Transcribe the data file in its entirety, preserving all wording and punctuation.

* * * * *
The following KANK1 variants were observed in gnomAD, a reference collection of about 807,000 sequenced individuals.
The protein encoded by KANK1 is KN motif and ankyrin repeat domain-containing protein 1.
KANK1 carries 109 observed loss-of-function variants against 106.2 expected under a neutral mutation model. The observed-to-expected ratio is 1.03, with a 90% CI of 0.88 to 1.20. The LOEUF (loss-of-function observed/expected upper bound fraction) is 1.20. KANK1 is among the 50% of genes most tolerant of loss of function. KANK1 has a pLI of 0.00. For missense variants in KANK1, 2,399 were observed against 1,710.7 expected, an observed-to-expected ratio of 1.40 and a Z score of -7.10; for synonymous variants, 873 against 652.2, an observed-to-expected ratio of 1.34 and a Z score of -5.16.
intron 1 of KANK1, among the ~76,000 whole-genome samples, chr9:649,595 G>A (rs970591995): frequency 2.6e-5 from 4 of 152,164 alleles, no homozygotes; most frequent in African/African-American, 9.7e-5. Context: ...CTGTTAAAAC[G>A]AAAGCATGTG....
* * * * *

The following KANK1 variants were observed in gnomAD, a reference collection of about 807,000 sequenced individuals.
The protein encoded by KANK1 is KN motif and ankyrin repeat domain-containing protein 1.
KANK1 carries 109 observed loss-of-function variants against 106.2 expected under a neutral mutation model. The observed-to-expected ratio is 1.03, with a 90% CI of 0.88 to 1.20. The LOEUF (loss-of-function observed/expected upper bound fraction) is 1.20. KANK1 is among the 50% of genes most tolerant of loss of function. KANK1 has a pLI of 0.00. For missense variants in KANK1, 2,399 were observed against 1,710.7 expected, an observed-to-expected ratio of 1.40 and a Z score of -7.10; for synonymous variants, 873 against 652.2, an observed-to-expected ratio of 1.34 and a Z score of -5.16.
intron 1 of KANK1, among the ~76,000 whole-genome samples, chr9:649,595 G>A (rs970591995): frequency 2.6e-5 from 4 of 152,164 alleles, no homozygotes; most frequent in African/African-American, 9.7e-5. Context: ...CTGTTAAAAC[G>A]AAAGCATGTG....